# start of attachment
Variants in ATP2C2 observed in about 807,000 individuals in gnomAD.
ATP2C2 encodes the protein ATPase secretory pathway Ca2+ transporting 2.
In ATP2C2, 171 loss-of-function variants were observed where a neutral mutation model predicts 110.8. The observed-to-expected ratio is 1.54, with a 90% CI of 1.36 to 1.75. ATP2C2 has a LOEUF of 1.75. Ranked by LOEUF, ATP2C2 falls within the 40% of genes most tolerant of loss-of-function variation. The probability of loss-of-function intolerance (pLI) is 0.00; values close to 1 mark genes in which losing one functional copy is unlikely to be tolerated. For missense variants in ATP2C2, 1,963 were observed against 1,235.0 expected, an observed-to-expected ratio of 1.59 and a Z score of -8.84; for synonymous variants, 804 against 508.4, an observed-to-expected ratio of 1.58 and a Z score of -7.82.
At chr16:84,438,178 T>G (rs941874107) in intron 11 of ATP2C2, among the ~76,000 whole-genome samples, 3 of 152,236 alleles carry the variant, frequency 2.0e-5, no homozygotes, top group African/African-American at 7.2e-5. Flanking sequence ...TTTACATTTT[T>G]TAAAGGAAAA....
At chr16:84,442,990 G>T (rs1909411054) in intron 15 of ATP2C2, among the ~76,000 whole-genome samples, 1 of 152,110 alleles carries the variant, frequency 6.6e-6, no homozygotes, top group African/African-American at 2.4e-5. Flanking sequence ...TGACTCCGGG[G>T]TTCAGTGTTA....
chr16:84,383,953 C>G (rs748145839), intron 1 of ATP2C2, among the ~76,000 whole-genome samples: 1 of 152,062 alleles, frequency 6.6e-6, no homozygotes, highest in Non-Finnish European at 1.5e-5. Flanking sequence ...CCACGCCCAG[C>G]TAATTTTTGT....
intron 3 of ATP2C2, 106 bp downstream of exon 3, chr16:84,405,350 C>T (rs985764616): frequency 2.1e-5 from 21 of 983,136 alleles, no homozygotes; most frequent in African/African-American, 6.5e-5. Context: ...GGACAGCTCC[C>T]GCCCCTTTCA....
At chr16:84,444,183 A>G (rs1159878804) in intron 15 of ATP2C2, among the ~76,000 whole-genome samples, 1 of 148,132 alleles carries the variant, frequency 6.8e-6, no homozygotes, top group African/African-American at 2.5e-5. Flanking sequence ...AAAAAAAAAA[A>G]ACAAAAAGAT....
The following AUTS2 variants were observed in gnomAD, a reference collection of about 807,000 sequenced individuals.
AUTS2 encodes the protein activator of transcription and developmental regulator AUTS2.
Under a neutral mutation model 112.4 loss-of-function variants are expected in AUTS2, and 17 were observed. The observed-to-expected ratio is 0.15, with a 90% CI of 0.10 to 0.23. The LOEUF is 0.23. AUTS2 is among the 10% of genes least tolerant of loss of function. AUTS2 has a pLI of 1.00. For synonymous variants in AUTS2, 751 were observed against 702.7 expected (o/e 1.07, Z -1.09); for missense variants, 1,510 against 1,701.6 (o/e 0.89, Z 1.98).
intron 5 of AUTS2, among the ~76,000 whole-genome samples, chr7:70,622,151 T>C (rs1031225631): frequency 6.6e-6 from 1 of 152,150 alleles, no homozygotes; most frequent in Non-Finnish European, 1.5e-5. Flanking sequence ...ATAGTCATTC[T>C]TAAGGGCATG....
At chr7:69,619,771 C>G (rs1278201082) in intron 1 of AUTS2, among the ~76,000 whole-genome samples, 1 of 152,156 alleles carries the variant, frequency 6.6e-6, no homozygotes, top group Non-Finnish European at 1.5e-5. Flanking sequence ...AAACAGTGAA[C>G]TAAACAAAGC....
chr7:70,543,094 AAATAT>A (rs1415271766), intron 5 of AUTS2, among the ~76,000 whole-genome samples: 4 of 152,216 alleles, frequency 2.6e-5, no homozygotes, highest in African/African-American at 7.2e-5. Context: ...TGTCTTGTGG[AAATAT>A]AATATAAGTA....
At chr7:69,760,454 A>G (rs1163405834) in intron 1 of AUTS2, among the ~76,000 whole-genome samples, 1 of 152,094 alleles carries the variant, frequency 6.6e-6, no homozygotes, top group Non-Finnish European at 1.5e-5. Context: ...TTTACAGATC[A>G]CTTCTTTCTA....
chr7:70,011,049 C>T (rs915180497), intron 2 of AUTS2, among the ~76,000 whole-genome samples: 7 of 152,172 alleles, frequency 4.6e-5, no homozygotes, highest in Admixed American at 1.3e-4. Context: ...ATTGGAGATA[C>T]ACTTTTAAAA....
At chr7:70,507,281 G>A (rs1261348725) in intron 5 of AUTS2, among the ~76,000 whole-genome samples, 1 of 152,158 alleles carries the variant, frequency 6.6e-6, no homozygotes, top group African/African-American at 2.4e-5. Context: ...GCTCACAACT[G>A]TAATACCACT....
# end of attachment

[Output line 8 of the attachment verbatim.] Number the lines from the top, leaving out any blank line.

At chr16:84,444,183 A>G (rs1159878804) in intron 15 of ATP2C2, among the ~76,000 whole-genome samples, 1 of 148,132 alleles carries the variant, frequency 6.8e-6, no homozygotes, top group African/African-American at 2.5e-5. Flanking sequence ...AAAAAAAAAA[A>G]ACAAAAAGAT....